Search Penny Hill Press

Thursday, July 7, 2011

Master Limited Partnerships: A Policy Option for the Renewable Energy Industry

Molly F. Sherlock
Analyst in Economics

Mark P. Keightley
Analyst in Public Finance

Expanded investment in clean and renewable energy resources continues to be a policy priority of the Obama Administration and an area of interest to the 112th Congress. In recent years, the primary policy vehicle for promoting investment in renewable energy has been tax credits, particularly the renewable energy investment and production tax credits. A lack of tax liability, however, has limited the renewable energy sector’s ability to fully take advantage of these and other tax benefits. The result has been an increased interest in exploring other options for promoting investment in renewable energy. One option might be to allow renewable energy entities access to the master limited partnership (MLP) business organizational form.

An MLP is a type of business structure that is taxed as a partnership, but whose ownership interests are traded on financial markets like corporate stock. Being treated as a partnership for tax purposes implies that MLP income is generally subject to only one layer of taxation in contrast to publically traded C corporations, which are subject to two layers of taxation. The ability to access equity markets in a manner similar to corporations allows MLP to obtain greater amounts of capital. Access to a greater pool of capital, when combined with the favorable partnership tax treatment, may allow MLPs to secure capital at a lower cost than similar businesses operating under a different organizational structure. The lower cost of capital, in turn, could increase investment in the renewable energy sector.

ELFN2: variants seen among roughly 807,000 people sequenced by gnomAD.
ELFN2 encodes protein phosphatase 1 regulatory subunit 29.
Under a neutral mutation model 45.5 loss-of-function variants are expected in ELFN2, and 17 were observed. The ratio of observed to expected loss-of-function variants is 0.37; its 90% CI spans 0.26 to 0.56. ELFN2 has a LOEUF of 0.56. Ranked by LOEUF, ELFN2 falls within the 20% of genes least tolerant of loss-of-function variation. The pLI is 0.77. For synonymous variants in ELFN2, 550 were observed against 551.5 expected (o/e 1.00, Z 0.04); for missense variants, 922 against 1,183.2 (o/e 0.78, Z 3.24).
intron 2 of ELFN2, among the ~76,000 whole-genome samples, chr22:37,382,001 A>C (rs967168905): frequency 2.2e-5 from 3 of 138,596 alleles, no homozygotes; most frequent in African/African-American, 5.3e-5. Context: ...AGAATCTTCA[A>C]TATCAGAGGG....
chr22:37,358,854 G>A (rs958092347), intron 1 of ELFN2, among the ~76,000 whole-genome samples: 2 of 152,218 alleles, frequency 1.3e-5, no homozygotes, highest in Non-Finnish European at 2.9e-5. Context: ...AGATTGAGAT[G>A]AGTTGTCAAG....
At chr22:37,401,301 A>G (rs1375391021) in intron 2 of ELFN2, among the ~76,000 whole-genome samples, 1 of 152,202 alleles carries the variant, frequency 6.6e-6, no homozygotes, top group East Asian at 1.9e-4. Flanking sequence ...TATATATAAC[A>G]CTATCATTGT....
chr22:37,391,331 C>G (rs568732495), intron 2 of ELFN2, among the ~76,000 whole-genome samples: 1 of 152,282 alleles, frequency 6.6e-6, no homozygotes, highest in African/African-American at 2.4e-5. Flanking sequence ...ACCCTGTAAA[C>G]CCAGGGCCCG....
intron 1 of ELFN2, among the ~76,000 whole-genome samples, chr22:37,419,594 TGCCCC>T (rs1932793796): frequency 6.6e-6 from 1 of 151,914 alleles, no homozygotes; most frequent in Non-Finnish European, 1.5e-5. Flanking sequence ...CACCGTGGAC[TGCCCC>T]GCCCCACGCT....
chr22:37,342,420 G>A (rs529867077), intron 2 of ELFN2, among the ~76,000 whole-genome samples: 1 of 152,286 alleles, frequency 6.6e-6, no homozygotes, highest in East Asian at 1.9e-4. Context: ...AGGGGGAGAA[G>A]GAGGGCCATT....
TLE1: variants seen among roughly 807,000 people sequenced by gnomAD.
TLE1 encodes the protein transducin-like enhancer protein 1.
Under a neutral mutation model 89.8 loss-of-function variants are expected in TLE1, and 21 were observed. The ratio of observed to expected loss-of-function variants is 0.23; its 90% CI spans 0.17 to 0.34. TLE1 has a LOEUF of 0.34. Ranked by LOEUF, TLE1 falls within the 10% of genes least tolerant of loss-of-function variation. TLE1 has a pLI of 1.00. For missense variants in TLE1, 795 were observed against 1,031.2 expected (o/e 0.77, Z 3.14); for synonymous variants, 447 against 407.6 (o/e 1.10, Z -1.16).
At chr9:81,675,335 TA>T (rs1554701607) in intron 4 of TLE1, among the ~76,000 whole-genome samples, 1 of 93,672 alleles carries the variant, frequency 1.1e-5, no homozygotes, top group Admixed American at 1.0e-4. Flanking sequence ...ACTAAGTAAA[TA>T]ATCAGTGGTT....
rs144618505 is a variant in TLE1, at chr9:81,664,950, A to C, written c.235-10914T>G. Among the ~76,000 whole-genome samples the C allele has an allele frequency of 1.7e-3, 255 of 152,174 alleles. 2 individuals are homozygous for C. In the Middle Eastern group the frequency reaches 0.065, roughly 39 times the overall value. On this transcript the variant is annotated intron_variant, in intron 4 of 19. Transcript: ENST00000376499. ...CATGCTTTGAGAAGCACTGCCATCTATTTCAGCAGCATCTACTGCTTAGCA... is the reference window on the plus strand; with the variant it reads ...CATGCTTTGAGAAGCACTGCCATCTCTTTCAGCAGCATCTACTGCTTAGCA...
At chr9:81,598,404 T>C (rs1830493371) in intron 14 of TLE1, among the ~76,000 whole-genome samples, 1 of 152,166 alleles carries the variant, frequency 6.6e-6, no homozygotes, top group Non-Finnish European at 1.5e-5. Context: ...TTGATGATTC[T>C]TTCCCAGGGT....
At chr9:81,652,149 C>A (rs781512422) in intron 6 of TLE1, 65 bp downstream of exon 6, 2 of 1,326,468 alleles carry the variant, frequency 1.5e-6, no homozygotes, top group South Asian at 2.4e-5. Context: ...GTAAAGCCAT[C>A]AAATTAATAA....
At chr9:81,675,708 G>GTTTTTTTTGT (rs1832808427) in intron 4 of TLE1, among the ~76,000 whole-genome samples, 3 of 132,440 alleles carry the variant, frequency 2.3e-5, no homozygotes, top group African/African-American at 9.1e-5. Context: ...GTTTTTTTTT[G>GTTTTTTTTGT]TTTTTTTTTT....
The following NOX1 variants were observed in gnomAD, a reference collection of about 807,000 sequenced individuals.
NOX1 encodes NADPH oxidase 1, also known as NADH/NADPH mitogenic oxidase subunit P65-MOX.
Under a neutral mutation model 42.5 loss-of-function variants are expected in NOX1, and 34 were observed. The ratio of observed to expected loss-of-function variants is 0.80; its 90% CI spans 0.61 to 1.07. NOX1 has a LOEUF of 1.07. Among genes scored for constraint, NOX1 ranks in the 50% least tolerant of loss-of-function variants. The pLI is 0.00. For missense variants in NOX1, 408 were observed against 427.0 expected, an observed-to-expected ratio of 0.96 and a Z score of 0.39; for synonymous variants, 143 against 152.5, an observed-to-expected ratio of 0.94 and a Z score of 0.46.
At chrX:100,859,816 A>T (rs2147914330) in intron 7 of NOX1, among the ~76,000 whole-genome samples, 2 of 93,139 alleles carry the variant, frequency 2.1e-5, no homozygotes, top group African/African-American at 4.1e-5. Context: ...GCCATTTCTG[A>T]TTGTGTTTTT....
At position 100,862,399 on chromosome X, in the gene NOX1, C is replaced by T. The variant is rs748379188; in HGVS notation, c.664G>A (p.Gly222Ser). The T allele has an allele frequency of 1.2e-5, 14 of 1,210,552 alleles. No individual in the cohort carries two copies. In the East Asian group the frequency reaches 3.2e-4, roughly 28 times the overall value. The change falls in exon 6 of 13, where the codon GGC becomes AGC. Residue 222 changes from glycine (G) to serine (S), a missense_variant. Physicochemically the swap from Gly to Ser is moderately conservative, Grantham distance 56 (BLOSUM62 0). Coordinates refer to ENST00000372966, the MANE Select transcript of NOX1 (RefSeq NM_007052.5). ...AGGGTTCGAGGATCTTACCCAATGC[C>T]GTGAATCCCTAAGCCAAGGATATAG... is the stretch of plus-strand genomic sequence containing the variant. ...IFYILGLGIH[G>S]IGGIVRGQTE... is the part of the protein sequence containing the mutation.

Congress first established rules relating to MLPs in the 1980s. At that time, the MLP structure was limited to businesses deriving 90% of their income from primary sources, which included dividends, interest, rents, capital gains, and mining and natural resources income. Effectively, this definition allowed oil and gas extraction and transportation activities access to the MLP structure, while renewable energy resources were generally excluded. The Emergency Economic Stabilization Act of 2008 (P.L. 110-343) expanded the definition of income from qualifying sources to include transportation of certain renewable and alternative fuels, such as ethanol and biodiesel.

Provisions enacted under the American Recovery and Reinvestment Act of 2009 (ARRA; P.L. 111-5) enhanced the value of certain renewable energy tax credits for many renewable energy projects. By transforming existing tax credits into cash grants, the Section 1603 grants in lieu of tax credits program enhanced access to capital for many in the renewable energy sector. The Section 1603 grant program is scheduled to expire at the end of 2011. As Congress evaluates other policies to attract additional capital to the renewable energy sector, allowing renewable energy entities to structure as MLPs might be one option.

Extending the MLP structure to renewables could possibly attract additional capital to and stimulate investment in the renewable energy sector. There are, however, a number of potential policy concerns to consider. First, expanding access to the MLP structure could narrow the corporate tax base, which is one of the reasons access to this structure was limited in the first place. Second, if changes to the tax code allowing renewable entities to access the MLP structure are enacted alongside changes to current passive activity loss rules, there may be concerns about the possibility of renewable energy investments being used as a tax shelter. Finally, if the concern is that renewable entities are disadvantaged relative to fossil fuels currently able to use the MLP structure, one option would be to prevent other energy entities from structuring as MLPs.

Date of Report: June 28, 2011
Number of Pages: 16
Order Number: R41893
Price: $29.95

Follow us on TWITTER at or #CRSreports

Document available via e-mail as a pdf file or in paper form.
To order, e-mail Penny Hill Press or call us at 301-253-0881. Provide a Visa, MasterCard, American Express, or Discover card number, expiration date, and name on the card. Indicate whether you want e-mail or postal delivery. Phone orders are preferred and receive priority processing.